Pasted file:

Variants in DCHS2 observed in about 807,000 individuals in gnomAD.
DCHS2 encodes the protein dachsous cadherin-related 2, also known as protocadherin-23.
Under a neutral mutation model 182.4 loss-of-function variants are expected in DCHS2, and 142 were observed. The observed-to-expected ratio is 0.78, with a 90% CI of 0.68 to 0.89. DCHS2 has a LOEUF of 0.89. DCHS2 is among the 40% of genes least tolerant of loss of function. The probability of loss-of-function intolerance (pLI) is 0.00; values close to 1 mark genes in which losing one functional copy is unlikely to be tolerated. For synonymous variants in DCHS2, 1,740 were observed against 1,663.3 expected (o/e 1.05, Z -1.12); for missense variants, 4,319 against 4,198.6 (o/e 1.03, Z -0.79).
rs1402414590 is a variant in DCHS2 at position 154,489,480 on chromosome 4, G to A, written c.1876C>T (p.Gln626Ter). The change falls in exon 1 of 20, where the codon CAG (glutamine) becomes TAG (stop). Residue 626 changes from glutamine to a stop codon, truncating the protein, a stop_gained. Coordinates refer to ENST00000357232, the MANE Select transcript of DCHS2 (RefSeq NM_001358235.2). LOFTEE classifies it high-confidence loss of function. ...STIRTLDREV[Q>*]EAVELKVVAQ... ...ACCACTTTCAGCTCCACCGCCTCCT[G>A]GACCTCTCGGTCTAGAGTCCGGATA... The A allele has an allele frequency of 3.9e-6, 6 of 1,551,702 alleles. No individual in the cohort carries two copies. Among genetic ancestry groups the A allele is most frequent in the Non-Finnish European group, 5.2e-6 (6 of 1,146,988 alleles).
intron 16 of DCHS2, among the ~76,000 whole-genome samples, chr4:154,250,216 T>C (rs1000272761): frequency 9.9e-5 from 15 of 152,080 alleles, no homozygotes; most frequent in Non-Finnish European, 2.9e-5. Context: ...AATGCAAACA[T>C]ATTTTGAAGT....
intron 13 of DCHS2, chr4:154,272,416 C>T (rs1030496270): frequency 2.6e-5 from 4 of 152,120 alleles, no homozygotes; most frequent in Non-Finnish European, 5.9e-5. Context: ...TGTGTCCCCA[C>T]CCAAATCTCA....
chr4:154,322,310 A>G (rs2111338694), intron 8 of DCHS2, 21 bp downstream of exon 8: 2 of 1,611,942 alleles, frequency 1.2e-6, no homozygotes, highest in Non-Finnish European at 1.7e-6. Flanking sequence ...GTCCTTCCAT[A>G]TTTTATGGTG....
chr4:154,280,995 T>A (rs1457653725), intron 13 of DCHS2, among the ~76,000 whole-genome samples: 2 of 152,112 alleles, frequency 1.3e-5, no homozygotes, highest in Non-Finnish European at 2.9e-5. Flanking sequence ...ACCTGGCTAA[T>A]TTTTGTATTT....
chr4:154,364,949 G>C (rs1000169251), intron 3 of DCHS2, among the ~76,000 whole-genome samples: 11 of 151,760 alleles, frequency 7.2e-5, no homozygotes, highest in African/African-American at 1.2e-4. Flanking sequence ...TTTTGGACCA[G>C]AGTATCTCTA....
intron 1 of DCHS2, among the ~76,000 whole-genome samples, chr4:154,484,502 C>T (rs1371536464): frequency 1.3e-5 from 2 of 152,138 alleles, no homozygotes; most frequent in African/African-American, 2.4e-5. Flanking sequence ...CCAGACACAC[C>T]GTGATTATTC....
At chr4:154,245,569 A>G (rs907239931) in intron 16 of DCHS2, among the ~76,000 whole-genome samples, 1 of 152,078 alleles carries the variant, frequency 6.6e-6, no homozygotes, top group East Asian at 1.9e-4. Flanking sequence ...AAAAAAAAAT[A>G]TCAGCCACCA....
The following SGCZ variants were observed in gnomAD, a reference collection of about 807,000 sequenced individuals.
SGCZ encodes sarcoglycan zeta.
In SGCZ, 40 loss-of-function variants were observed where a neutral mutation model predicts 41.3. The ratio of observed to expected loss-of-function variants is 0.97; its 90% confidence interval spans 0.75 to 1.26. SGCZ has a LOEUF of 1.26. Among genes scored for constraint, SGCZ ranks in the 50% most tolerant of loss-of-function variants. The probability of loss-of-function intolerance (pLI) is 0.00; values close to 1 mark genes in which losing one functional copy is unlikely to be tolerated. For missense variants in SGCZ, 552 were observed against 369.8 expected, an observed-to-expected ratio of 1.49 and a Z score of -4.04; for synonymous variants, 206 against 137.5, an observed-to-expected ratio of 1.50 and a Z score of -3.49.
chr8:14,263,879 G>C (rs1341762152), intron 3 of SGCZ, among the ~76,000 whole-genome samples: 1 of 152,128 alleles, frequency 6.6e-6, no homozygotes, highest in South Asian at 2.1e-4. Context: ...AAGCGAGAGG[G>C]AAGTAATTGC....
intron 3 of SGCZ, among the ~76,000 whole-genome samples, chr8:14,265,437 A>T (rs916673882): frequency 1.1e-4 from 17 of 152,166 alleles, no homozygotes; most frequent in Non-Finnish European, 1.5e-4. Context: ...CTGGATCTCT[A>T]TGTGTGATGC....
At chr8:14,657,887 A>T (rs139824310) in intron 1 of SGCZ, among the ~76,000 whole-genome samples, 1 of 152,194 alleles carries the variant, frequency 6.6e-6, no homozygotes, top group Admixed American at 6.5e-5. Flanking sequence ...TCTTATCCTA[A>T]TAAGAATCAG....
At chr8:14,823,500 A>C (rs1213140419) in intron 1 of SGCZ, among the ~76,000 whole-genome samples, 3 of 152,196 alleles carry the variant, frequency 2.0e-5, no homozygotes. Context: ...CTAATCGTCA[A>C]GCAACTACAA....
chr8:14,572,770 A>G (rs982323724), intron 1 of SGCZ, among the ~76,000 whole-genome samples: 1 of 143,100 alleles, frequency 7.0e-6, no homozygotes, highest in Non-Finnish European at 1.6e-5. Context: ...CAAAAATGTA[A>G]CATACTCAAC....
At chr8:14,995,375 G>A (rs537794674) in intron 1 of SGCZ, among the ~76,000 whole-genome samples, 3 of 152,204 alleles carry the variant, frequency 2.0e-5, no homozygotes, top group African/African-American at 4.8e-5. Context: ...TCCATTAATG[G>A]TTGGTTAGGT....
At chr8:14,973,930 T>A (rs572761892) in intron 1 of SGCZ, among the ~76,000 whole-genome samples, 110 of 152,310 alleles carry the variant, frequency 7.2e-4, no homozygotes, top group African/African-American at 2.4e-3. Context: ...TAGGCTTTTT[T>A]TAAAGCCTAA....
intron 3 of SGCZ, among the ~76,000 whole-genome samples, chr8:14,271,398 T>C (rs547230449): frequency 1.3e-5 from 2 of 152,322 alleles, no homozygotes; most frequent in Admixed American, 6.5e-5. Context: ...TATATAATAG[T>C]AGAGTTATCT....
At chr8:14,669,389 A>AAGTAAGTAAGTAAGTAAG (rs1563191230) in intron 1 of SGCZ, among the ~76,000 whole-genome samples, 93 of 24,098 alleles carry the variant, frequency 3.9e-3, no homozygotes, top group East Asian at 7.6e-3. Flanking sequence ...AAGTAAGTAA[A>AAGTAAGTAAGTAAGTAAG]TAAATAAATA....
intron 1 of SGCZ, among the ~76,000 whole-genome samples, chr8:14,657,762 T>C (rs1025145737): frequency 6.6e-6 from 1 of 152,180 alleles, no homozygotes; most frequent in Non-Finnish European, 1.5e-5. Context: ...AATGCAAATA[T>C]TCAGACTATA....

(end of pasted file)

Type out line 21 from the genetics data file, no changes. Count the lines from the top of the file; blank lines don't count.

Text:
At chr8:14,973,930 T>A (rs572761892) in intron 1 of SGCZ, among the ~76,000 whole-genome samples, 110 of 152,310 alleles carry the variant, frequency 7.2e-4, no homozygotes, top group African/African-American at 2.4e-3. Context: ...TAGGCTTTTT[T>A]TAAAGCCTAA....